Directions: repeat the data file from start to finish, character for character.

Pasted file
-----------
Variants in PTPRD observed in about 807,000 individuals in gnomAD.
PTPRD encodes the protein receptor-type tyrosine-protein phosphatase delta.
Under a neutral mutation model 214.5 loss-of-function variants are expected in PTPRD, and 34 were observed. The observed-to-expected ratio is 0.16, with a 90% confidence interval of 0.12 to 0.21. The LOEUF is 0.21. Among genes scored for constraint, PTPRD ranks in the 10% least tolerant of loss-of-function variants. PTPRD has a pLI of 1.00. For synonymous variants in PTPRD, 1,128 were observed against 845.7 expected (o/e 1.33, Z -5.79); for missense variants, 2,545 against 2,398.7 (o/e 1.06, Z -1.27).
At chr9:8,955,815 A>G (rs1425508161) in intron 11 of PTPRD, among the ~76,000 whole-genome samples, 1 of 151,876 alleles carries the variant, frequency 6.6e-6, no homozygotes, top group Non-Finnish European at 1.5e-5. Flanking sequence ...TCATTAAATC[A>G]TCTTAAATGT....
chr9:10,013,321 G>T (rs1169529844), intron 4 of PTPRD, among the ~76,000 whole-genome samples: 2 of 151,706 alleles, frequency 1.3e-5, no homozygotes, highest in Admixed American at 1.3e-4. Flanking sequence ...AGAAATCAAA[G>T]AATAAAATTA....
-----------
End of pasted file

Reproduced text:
Variants in PTPRD observed in about 807,000 individuals in gnomAD.
PTPRD encodes the protein receptor-type tyrosine-protein phosphatase delta.
Under a neutral mutation model 214.5 loss-of-function variants are expected in PTPRD, and 34 were observed. The observed-to-expected ratio is 0.16, with a 90% confidence interval of 0.12 to 0.21. The LOEUF is 0.21. Among genes scored for constraint, PTPRD ranks in the 10% least tolerant of loss-of-function variants. PTPRD has a pLI of 1.00. For synonymous variants in PTPRD, 1,128 were observed against 845.7 expected (o/e 1.33, Z -5.79); for missense variants, 2,545 against 2,398.7 (o/e 1.06, Z -1.27).
At chr9:8,955,815 A>G (rs1425508161) in intron 11 of PTPRD, among the ~76,000 whole-genome samples, 1 of 151,876 alleles carries the variant, frequency 6.6e-6, no homozygotes, top group Non-Finnish European at 1.5e-5. Flanking sequence ...TCATTAAATC[A>G]TCTTAAATGT....
chr9:10,013,321 G>T (rs1169529844), intron 4 of PTPRD, among the ~76,000 whole-genome samples: 2 of 151,706 alleles, frequency 1.3e-5, no homozygotes, highest in Admixed American at 1.3e-4. Flanking sequence ...AGAAATCAAA[G>T]AATAAAATTA....